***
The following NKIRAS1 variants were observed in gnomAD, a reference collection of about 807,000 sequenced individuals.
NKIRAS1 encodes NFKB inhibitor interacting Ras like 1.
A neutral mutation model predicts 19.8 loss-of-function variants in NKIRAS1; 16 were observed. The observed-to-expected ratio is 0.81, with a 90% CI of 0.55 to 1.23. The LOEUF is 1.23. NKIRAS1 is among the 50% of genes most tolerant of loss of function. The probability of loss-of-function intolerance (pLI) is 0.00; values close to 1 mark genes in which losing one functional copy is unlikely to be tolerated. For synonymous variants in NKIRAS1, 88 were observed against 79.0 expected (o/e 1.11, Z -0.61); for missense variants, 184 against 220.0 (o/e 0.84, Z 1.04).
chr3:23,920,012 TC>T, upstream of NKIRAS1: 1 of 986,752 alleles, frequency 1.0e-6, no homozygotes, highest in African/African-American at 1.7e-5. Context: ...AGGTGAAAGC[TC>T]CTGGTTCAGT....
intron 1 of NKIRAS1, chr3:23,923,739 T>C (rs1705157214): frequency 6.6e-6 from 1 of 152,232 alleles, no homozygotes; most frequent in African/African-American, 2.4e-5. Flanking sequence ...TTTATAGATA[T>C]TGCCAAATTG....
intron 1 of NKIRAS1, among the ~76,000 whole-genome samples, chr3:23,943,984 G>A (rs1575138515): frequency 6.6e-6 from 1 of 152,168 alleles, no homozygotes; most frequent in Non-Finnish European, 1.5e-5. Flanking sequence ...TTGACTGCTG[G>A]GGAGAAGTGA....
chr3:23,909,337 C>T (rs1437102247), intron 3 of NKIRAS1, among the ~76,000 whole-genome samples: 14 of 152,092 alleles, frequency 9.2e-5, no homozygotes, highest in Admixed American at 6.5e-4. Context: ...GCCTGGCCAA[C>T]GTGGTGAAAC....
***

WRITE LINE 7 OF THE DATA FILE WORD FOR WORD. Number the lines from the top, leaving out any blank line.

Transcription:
chr3:23,909,337 C>T (rs1437102247), intron 3 of NKIRAS1, among the ~76,000 whole-genome samples: 14 of 152,092 alleles, frequency 9.2e-5, no homozygotes, highest in Admixed American at 6.5e-4. Context: ...GCCTGGCCAA[C>T]GTGGTGAAAC....